Epistemic game theory : reasoning and choice
- Perea, Andrés.
- Cambridge, UK ; New York : Cambridge University Press, 2012, ©2012.
- Physical description
- xviii, 561 pages : illustrations ; 26 cm
QA269 .P446 2012
- Unknown QA269 .P446 2012
- Includes bibliographical references (pages 552-558) and index.
- Acknowledgements-- 1. Introduction-- Part I. Standard Beliefs in Static Games: 2. Belief in the opponents' rationality-- 3. Common belief in rationality-- 4. Simple belief hierarchies-- Part II. Lexicographic Beliefs in Static Games: 5. Primary belief in the opponent's rationality-- 6. Respecting the opponent's preferences-- 7. Assuming the opponent's rationality-- Part III. Conditional Beliefs in Dynamic Games: 8. Belief in the opponents' future rationality-- 9. Strong belief in the opponents' rationality-- Bibliography-- Index.
- (source: Nielsen Book Data)
- Publisher's Summary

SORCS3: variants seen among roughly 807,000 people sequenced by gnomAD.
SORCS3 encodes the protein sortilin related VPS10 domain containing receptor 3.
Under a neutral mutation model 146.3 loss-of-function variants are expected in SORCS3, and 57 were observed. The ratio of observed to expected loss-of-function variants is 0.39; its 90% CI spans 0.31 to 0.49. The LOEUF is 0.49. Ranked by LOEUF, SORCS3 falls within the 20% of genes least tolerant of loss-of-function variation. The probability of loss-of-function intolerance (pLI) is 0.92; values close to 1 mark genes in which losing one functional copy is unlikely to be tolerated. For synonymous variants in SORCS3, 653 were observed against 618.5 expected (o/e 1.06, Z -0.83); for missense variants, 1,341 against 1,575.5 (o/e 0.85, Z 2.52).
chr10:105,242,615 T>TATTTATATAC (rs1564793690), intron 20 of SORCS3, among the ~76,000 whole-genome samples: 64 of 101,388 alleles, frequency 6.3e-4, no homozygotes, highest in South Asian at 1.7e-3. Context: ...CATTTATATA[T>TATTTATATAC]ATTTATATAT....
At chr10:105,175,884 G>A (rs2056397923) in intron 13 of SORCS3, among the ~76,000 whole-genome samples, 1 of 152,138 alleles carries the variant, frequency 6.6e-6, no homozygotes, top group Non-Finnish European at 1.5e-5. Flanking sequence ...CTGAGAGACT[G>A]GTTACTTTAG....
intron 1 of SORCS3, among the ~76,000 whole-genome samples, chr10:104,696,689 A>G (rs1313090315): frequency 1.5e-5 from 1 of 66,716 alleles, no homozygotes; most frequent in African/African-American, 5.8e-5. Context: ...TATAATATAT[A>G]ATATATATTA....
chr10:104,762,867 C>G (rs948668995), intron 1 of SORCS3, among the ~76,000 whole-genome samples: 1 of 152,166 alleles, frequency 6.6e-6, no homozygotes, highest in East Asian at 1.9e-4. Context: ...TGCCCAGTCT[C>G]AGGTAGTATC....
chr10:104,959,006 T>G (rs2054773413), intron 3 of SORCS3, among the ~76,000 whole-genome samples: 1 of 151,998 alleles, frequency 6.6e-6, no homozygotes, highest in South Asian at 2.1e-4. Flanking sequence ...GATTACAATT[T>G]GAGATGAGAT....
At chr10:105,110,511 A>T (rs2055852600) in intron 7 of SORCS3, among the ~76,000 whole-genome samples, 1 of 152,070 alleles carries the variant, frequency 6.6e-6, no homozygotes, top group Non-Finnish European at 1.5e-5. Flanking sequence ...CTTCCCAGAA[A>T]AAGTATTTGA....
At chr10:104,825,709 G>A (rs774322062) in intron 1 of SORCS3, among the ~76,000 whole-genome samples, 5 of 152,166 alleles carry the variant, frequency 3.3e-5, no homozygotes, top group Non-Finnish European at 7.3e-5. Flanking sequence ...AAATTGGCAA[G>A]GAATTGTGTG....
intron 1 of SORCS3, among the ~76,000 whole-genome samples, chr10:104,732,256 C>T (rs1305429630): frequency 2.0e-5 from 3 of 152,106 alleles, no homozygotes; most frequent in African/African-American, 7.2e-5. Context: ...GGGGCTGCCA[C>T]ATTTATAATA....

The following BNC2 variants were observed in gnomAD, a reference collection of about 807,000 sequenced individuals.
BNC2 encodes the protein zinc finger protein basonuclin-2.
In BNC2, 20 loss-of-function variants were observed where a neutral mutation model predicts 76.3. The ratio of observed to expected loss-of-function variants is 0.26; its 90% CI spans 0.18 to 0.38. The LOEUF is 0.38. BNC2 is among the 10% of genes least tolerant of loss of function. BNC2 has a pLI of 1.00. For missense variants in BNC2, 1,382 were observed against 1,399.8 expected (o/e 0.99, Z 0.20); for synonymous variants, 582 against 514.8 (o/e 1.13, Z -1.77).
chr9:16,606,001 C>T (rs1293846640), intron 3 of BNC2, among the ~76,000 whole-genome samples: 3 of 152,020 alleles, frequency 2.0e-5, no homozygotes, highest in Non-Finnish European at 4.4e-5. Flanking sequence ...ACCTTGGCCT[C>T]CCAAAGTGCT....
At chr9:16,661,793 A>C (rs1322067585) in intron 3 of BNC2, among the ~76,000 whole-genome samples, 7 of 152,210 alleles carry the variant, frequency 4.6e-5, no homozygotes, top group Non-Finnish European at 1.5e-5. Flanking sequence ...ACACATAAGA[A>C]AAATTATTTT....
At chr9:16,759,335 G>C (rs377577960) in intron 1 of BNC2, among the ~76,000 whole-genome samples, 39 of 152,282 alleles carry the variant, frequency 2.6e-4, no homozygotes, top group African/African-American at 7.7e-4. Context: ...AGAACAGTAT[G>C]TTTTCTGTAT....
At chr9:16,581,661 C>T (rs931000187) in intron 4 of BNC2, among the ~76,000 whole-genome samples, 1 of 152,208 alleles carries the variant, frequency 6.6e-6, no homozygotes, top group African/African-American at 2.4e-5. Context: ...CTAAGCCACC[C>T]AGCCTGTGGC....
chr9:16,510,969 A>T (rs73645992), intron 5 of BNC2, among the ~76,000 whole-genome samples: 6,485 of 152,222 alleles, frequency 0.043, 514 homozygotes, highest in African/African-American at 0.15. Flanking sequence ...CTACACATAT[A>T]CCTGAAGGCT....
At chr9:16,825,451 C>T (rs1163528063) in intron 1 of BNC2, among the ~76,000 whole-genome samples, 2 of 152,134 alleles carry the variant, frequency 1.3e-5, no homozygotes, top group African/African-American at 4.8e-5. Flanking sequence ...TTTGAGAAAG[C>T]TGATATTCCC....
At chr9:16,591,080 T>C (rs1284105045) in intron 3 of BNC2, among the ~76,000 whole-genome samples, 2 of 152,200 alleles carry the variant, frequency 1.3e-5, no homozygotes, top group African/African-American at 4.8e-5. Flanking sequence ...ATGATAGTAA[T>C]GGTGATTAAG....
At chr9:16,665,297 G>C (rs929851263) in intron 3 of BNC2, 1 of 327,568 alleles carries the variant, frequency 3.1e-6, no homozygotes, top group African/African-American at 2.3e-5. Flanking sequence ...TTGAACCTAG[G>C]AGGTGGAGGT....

- In everyday life we must often reach decisions while knowing that the outcome will not only depend on our own choice, but also on the choices of others. These situations are the focus of epistemic game theory. Unlike classical game theory, it explores how people may reason about their opponents before they make their final choice in a game. Packed with examples and practical problems based on stories from everyday life, this is the first textbook to explain the principles of epistemic game theory. Each chapter is dedicated to one particular, natural way of reasoning. The book then shows how each of these ways of reasoning will affect the final choices that can rationally be made and how these choices can be found by iterative procedures. Moreover, it does so in a way that uses elementary mathematics and does not presuppose any previous knowledge of game theory.
(source: Nielsen Book Data)
- Publication date
- Copyright date
- Andrés Perea.